The blast and his recovery led to what White self-deprecatingly described as a meandering career path. After graduating from Brown University with a degree in Judaic studies, he manned the copy machines in administrative support positions in Washington, D.C. think tanks before starting to work on nuclear nonproliferation campaigns. He went on to co-found the Landmine Survivors Network and specialized in building cross-border coalitions and history-making campaigns, three of which led to major international treaties: the United Nations Convention on the Rights of Persons with Disabilities, the Cluster Munitions Treaty and the Mine Ban Treaty.
White shared the Nobel Prize for Peace awarded to the International Campaign to Ban Landmines in 1997. That same year, he escorted Princess Diana of Wales to Bosnia-Herzegovina, a trip credited with casting an international spotlight on the plight of landmine victims worldwide.
It was during that campaign that White said he learned about the concept of “radical inclusion.” During the early days of the campaign to eradicate mines, survivors of mine explosions were treated more like poster children without a voice in the debate, he said. But about 10 years after his accident, when the United Nations was holding its first meetings in Geneva to consider controls of land mines, survivors were empowered to lend their voice to the cause.
“We were part of a growing coalition, and it was critical to have our voices at the table,” he said. “That’s where I started to learn about radical inclusion, about mixing it up. We needed everyone – the NGOs, the human rights lawyers, as well as the treaty drafters, as well as the survivors and women and children and diplomats. It was one of the first times, in the late 1990s, when civil society became a superpower.”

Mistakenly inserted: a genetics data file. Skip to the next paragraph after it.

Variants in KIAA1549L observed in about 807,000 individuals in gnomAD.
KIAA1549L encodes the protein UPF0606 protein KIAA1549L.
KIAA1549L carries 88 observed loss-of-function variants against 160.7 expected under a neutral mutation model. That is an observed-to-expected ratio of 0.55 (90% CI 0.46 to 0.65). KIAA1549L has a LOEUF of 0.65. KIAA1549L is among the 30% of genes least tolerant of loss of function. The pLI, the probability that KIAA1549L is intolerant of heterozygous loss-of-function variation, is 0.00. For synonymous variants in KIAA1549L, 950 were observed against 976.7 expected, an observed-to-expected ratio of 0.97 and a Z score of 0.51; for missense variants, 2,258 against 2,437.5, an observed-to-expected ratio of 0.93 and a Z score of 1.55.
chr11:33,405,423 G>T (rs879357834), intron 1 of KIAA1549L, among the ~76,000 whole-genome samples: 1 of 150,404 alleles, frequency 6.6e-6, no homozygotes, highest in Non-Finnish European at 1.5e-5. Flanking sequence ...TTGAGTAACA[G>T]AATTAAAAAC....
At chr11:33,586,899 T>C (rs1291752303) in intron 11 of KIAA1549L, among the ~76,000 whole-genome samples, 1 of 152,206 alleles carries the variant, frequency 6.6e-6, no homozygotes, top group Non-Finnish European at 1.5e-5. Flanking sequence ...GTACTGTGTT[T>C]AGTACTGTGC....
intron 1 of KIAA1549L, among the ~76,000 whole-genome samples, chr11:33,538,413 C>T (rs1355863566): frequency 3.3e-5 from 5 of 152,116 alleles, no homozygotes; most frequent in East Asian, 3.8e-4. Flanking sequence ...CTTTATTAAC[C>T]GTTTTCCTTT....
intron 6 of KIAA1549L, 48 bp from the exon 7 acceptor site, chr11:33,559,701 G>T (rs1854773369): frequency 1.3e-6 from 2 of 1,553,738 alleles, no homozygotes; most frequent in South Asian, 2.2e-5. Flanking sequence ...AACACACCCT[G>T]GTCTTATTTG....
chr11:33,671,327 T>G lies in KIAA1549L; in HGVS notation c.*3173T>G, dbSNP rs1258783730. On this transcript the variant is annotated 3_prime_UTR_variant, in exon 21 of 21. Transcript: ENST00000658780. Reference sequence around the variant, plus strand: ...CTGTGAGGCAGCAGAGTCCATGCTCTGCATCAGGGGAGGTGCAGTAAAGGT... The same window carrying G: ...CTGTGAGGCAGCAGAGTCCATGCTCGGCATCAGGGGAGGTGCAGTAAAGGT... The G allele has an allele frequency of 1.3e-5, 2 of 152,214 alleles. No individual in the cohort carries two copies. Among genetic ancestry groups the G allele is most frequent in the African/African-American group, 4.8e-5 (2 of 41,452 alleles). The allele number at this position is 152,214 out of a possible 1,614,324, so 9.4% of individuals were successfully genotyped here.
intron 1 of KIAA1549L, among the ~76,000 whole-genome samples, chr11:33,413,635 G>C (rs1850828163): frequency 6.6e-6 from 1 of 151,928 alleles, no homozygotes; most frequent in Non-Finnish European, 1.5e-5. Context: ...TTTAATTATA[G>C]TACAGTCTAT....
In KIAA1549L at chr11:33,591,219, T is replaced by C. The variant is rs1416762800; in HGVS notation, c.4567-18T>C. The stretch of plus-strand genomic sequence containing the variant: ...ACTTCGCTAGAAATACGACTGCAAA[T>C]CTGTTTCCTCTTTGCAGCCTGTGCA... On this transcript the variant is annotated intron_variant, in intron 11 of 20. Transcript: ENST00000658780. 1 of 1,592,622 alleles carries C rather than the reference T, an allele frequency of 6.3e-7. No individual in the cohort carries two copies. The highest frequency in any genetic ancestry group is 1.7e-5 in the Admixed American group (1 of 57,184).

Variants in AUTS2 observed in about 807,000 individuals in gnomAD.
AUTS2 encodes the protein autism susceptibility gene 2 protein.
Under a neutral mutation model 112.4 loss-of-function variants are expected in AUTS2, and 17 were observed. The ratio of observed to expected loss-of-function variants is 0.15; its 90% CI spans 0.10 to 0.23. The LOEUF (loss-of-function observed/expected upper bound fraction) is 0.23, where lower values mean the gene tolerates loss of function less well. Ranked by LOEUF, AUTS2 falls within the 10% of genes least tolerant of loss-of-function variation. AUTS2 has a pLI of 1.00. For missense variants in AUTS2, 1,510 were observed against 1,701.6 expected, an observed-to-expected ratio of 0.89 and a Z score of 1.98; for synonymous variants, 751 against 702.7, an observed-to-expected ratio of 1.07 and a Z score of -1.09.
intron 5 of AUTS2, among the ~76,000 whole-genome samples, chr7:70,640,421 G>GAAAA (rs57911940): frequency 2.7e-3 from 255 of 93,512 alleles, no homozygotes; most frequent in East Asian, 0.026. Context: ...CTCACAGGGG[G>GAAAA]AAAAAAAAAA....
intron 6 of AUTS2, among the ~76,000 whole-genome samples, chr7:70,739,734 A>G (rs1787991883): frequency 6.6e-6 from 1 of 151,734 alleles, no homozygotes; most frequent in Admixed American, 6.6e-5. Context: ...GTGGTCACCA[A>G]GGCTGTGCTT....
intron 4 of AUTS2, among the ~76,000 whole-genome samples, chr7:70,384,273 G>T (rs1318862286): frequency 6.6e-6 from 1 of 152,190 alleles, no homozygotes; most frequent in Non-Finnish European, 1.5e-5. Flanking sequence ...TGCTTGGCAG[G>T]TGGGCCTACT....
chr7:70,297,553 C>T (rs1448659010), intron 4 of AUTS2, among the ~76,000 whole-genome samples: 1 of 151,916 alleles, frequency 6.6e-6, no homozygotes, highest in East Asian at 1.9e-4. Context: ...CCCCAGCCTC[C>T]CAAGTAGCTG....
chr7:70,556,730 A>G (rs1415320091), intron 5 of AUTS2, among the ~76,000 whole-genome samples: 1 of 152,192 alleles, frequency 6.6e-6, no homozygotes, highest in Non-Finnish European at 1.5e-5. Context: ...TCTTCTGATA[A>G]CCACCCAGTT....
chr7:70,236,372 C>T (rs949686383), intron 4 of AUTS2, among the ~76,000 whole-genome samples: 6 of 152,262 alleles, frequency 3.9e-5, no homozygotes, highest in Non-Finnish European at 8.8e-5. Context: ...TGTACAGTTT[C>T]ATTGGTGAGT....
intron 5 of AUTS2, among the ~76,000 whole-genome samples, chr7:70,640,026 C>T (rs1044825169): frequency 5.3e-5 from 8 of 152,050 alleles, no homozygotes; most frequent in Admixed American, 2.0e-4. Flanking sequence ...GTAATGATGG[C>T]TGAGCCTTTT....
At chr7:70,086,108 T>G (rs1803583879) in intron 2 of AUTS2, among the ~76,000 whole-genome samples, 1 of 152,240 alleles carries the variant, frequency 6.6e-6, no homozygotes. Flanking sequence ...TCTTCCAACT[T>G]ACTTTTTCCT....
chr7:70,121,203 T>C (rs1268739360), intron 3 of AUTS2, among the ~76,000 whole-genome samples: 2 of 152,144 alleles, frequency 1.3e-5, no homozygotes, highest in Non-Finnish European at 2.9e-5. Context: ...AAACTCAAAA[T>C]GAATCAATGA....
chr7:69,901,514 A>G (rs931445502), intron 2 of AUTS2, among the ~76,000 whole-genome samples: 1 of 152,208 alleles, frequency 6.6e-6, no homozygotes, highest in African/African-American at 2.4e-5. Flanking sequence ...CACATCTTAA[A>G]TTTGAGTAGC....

White was pursuing a graduate degree in theology and religious studies at Cambridge University in 2012 when he was called to serve under former Secretary of State Hillary Rodham Clinton as deputy assistant secretary in the new Bureau of Conflict and Stabilization Operations. During his tenure in the State Department, White co-chaired a working group on religion and conflict mitigation responsible for outreach to diverse civil society leaders and religious actors working to break cycles of violence. He described how his new bureau introduced the use of advanced conflict analytics and agent-based modeling to help shape foreign policy strategies in the Mideast and to address the rise of ISIS.
“You need focus. You need to pick the sweet spot for impact, and you need to have theories of change that you will be able to measure,” White said. “It also means that strategy is more art than science. … How can we apply strategy to issues of our day during uncertain, dangerous times? You need partners outside of government who can move faster. Without local partnerships with ownership, you’re not going to have sustainable solutions that last very long.”
White served in State Department for three years before stepping down in December to become executive director of Global Covenant of Religions, a network of world political, religious and civil society leaders dedicated to achieving a serious reduction in global violence promoted in the name of religion.
“So now we combine diplomats and government officials, as well as religious leaders and communities and civil society,” he said. “If you don’t have resilient strategies grounded at the community level, working in civil society and with religious faith actors, I don’t think it will succeed.”